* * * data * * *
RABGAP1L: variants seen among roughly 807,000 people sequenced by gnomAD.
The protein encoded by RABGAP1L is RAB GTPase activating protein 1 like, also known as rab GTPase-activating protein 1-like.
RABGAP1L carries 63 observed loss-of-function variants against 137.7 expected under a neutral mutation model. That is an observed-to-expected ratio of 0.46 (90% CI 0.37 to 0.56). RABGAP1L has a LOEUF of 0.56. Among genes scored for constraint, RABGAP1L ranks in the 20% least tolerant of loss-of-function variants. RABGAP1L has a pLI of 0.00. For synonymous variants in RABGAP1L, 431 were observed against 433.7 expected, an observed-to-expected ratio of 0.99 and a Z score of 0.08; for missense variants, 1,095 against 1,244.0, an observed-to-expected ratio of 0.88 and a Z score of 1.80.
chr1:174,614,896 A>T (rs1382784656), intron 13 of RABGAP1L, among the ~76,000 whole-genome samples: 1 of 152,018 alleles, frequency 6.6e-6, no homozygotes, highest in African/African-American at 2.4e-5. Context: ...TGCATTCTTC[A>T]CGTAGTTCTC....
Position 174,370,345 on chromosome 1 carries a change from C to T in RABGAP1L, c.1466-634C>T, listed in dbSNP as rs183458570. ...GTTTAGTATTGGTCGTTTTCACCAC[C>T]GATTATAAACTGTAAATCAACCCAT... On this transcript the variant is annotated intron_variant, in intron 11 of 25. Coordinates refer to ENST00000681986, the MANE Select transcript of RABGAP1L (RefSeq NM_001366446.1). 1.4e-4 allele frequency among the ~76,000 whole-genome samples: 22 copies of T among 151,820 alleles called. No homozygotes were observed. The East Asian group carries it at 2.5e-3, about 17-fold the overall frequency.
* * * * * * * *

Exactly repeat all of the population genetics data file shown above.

RABGAP1L: variants seen among roughly 807,000 people sequenced by gnomAD.
The protein encoded by RABGAP1L is RAB GTPase activating protein 1 like, also known as rab GTPase-activating protein 1-like.
RABGAP1L carries 63 observed loss-of-function variants against 137.7 expected under a neutral mutation model. That is an observed-to-expected ratio of 0.46 (90% CI 0.37 to 0.56). RABGAP1L has a LOEUF of 0.56. Among genes scored for constraint, RABGAP1L ranks in the 20% least tolerant of loss-of-function variants. RABGAP1L has a pLI of 0.00. For synonymous variants in RABGAP1L, 431 were observed against 433.7 expected, an observed-to-expected ratio of 0.99 and a Z score of 0.08; for missense variants, 1,095 against 1,244.0, an observed-to-expected ratio of 0.88 and a Z score of 1.80.
chr1:174,614,896 A>T (rs1382784656), intron 13 of RABGAP1L, among the ~76,000 whole-genome samples: 1 of 152,018 alleles, frequency 6.6e-6, no homozygotes, highest in African/African-American at 2.4e-5. Context: ...TGCATTCTTC[A>T]CGTAGTTCTC....
Position 174,370,345 on chromosome 1 carries a change from C to T in RABGAP1L, c.1466-634C>T, listed in dbSNP as rs183458570. ...GTTTAGTATTGGTCGTTTTCACCAC[C>T]GATTATAAACTGTAAATCAACCCAT... On this transcript the variant is annotated intron_variant, in intron 11 of 25. Coordinates refer to ENST00000681986, the MANE Select transcript of RABGAP1L (RefSeq NM_001366446.1). 1.4e-4 allele frequency among the ~76,000 whole-genome samples: 22 copies of T among 151,820 alleles called. No homozygotes were observed. The East Asian group carries it at 2.5e-3, about 17-fold the overall frequency.